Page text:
Florence Bouhali was awarded a 2022 ILCB post-doc fellowship to work with Johannes Ziegler (LPC) and Chotiga Pattamadilok (LPL), in collaboration with Fumiko Hoeft (UConn/UCSF). Her project will address the variability in the reading brain network across languages, individuals and contexts, to clarify how the size of orthographic units used for reading (from single letters to whole words) contributes to this variability. Florence aims at establishing orthographic grain size as a general organizing principle across scales.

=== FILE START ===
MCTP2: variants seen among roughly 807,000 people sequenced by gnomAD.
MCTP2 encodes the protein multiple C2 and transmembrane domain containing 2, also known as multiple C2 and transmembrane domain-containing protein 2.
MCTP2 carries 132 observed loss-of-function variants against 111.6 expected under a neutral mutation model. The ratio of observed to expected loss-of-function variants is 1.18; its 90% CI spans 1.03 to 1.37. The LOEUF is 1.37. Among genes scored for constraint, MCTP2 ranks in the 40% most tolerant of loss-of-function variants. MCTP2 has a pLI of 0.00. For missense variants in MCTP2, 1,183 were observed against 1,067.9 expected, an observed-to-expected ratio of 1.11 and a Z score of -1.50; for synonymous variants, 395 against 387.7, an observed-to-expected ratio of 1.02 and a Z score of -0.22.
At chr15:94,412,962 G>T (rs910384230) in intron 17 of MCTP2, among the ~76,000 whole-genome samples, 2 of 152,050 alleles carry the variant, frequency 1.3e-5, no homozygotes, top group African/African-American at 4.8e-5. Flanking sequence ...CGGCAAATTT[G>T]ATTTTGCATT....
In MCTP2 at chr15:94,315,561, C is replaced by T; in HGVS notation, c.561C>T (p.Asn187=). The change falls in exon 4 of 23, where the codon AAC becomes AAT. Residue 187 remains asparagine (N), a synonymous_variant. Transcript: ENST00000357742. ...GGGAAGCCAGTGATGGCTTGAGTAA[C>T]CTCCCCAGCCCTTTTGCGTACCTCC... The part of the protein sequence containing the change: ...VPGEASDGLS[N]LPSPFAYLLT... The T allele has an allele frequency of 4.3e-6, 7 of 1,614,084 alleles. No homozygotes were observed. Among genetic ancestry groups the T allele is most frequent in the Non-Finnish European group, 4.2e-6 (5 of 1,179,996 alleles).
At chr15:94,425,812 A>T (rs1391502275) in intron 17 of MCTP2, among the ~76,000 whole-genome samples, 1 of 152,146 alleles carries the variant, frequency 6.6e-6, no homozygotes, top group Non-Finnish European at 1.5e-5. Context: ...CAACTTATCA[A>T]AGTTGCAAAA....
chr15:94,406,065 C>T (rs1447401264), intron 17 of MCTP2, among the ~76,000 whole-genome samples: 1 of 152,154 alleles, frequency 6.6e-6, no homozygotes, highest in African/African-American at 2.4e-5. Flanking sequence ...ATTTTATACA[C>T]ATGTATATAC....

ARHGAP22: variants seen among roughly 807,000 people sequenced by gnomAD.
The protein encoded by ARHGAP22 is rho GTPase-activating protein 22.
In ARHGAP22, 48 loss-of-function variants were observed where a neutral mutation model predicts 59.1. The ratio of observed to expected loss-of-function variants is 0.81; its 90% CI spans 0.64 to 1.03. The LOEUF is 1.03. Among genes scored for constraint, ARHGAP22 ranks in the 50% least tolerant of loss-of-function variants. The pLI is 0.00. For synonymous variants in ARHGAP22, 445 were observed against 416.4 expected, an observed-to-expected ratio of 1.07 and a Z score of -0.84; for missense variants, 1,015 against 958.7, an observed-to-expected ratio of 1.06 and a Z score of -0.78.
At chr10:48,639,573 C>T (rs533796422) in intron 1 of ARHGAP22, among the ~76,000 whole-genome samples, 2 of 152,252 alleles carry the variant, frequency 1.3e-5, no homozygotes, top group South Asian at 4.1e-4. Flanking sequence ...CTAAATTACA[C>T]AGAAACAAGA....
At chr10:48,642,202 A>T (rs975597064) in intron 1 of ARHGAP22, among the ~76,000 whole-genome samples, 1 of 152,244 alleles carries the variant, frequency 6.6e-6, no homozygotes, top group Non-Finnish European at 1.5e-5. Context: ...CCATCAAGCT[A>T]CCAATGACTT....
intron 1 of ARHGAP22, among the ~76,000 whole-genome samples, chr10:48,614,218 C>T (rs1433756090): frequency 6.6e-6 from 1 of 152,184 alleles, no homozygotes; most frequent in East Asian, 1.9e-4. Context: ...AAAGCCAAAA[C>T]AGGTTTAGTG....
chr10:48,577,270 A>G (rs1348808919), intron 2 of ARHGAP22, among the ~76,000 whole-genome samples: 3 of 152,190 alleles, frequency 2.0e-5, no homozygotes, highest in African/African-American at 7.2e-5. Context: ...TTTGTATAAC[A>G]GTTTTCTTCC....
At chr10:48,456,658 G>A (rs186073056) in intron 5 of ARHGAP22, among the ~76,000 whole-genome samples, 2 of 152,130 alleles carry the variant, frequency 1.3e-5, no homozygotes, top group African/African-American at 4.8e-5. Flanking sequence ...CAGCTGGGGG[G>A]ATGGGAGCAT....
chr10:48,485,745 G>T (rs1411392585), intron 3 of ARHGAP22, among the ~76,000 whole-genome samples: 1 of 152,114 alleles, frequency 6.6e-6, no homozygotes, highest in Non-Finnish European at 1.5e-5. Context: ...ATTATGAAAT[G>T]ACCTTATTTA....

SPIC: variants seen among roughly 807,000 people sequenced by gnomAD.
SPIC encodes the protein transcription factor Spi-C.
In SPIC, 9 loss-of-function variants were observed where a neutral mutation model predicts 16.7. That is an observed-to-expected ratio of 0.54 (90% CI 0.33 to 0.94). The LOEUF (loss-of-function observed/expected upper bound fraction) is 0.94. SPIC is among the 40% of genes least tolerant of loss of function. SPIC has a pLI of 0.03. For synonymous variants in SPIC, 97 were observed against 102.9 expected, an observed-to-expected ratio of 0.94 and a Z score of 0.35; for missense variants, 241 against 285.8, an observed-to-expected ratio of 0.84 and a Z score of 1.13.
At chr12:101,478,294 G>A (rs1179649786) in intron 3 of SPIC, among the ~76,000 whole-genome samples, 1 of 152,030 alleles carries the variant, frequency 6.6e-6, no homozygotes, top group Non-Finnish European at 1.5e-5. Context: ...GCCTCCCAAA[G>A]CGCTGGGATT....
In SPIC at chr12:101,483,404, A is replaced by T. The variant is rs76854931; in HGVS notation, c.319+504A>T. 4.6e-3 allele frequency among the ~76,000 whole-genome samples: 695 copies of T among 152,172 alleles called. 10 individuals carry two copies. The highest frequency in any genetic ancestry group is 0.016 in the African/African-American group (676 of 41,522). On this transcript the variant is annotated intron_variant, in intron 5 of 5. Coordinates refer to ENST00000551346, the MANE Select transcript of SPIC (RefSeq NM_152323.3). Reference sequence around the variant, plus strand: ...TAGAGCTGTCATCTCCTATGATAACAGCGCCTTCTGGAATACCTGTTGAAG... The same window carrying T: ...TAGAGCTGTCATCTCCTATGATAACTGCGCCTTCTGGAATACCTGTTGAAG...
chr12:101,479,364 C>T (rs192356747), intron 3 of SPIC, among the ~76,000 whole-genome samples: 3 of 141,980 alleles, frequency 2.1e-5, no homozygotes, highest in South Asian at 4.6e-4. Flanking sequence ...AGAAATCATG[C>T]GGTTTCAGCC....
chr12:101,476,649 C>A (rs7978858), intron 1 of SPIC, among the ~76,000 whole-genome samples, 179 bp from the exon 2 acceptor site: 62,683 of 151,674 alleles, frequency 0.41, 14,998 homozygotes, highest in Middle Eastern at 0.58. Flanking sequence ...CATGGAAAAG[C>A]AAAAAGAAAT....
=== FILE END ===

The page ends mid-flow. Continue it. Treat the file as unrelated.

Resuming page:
Florence’s research focuses on the neural correlates of reading, with a special interest in the visual regions processing letters and words, at the interface with language. During her PhD with Laurent Cohen (Paris Brain Institute / ICM) and her post-doctorate with Fumiko Hoeft (UCSF), she explored the neural fine-tuning for orthographic processing of these regions in adults, and the typical and atypical development of this functional specialization in children with and without dyslexia. Florence’s work also contributed to revealing some of the neural structural constraints that may apply to reading acquisition. Studying the neural correlates of a cultural learning such as reading can help us understand the incredible plasticity of the human brain and its organizing principles.